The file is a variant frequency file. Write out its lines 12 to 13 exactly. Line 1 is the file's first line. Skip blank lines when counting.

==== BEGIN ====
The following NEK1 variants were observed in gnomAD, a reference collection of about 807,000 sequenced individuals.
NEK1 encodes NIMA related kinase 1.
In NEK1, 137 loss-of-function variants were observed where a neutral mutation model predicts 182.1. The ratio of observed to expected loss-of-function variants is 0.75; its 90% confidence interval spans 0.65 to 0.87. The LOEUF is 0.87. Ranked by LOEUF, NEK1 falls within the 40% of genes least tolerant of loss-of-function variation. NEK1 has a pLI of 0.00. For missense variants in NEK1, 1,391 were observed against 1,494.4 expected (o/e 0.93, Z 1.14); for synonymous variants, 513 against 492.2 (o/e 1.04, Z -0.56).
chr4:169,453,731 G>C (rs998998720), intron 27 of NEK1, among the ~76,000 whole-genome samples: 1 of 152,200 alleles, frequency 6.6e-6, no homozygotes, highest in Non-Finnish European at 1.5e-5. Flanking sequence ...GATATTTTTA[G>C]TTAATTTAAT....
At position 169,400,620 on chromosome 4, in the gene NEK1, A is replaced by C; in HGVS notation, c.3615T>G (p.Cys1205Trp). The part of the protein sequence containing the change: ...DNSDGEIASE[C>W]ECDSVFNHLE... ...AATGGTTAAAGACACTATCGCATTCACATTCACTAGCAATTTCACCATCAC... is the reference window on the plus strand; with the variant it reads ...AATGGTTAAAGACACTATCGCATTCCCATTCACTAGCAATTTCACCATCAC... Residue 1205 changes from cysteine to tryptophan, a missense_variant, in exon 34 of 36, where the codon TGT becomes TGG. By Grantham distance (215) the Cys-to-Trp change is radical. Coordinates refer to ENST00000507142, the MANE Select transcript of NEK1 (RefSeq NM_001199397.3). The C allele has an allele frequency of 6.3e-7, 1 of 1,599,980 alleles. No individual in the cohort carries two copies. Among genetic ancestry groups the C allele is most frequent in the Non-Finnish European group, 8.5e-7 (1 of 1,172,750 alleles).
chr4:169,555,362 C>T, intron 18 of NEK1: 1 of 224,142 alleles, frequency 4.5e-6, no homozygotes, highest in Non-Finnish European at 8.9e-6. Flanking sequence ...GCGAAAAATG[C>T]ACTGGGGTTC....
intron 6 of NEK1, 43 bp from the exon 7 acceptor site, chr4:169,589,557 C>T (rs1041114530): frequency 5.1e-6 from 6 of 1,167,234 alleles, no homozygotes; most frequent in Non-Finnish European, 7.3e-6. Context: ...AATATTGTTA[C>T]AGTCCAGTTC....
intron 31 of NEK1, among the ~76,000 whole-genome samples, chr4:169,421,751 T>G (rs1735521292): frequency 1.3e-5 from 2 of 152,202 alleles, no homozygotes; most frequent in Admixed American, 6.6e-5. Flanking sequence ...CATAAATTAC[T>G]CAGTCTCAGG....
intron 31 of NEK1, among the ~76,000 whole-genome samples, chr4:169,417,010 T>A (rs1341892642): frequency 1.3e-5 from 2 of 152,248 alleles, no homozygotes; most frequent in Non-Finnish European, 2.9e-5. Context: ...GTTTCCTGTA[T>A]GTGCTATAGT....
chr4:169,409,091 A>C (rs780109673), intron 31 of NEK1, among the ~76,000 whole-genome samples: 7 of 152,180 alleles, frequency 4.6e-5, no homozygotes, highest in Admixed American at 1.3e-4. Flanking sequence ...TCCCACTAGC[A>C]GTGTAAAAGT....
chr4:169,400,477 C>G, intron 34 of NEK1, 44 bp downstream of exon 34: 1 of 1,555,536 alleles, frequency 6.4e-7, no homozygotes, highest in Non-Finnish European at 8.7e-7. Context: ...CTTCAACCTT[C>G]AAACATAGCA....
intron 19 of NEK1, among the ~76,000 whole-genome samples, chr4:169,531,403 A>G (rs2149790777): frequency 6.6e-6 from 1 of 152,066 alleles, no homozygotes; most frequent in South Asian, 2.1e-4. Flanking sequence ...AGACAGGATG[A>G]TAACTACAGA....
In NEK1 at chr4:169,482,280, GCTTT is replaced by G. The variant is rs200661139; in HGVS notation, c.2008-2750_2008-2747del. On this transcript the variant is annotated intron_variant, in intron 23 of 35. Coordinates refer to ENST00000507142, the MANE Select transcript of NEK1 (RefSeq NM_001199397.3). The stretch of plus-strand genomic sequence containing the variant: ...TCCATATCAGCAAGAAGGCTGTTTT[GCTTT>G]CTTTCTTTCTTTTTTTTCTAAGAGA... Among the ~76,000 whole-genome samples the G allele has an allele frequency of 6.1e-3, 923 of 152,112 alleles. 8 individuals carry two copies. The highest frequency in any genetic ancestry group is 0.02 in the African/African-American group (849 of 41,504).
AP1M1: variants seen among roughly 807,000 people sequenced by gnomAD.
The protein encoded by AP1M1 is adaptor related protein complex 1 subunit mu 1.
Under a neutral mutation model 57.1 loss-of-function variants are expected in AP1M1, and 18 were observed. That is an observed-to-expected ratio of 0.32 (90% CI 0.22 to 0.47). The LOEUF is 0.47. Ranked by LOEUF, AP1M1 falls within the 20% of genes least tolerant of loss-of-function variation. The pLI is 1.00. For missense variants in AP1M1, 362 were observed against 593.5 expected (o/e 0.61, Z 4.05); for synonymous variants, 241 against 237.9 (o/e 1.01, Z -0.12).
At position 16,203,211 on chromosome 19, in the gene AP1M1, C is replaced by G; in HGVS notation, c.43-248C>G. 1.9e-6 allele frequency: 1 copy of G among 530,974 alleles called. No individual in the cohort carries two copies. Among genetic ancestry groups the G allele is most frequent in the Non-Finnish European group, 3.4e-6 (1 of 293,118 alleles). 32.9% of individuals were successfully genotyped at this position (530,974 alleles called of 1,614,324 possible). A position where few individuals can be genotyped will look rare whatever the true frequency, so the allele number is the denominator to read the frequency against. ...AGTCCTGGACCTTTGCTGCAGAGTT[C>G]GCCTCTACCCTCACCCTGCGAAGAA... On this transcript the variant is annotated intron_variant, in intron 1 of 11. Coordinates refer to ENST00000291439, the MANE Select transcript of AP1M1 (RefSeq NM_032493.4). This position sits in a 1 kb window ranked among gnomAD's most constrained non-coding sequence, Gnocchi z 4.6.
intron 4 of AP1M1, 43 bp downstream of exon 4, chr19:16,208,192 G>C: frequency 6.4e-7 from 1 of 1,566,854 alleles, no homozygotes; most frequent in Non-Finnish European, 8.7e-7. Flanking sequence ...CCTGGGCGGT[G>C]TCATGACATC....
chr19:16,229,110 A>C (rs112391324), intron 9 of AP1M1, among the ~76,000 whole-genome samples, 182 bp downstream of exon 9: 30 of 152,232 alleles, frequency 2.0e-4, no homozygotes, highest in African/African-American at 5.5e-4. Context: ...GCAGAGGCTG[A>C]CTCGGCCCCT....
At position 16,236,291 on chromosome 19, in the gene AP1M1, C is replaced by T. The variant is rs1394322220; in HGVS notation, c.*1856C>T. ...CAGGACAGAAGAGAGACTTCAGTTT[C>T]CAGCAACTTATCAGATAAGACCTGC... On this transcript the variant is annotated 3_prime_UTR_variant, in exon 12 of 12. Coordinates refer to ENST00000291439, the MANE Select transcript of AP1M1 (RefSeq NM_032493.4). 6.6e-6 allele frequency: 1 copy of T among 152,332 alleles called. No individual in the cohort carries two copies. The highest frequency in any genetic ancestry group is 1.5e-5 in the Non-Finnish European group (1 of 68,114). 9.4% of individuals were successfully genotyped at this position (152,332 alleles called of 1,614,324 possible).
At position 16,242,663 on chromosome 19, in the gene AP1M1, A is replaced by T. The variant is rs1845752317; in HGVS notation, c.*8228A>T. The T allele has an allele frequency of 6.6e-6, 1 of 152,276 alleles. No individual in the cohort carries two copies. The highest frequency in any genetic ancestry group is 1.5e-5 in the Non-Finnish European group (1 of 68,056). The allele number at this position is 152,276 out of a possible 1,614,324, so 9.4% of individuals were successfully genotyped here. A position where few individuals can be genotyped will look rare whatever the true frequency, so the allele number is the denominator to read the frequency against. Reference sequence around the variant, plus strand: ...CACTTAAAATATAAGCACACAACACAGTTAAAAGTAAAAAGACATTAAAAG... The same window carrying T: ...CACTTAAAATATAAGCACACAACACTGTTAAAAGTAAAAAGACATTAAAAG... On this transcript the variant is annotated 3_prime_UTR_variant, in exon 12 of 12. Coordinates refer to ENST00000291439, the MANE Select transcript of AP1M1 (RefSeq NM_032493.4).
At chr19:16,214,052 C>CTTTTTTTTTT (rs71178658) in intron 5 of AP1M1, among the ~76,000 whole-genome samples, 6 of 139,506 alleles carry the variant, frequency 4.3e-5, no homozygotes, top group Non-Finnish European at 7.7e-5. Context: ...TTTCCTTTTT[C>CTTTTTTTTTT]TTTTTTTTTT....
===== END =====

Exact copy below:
intron 19 of NEK1, among the ~76,000 whole-genome samples, chr4:169,531,403 A>G (rs2149790777): frequency 6.6e-6 from 1 of 152,066 alleles, no homozygotes; most frequent in South Asian, 2.1e-4. Flanking sequence ...AGACAGGATG[A>G]TAACTACAGA....
In NEK1 at chr4:169,482,280, GCTTT is replaced by G. The variant is rs200661139; in HGVS notation, c.2008-2750_2008-2747del. On this transcript the variant is annotated intron_variant, in intron 23 of 35. Coordinates refer to ENST00000507142, the MANE Select transcript of NEK1 (RefSeq NM_001199397.3). The stretch of plus-strand genomic sequence containing the variant: ...TCCATATCAGCAAGAAGGCTGTTTT[GCTTT>G]CTTTCTTTCTTTTTTTTCTAAGAGA... Among the ~76,000 whole-genome samples the G allele has an allele frequency of 6.1e-3, 923 of 152,112 alleles. 8 individuals carry two copies. The highest frequency in any genetic ancestry group is 0.02 in the African/African-American group (849 of 41,504).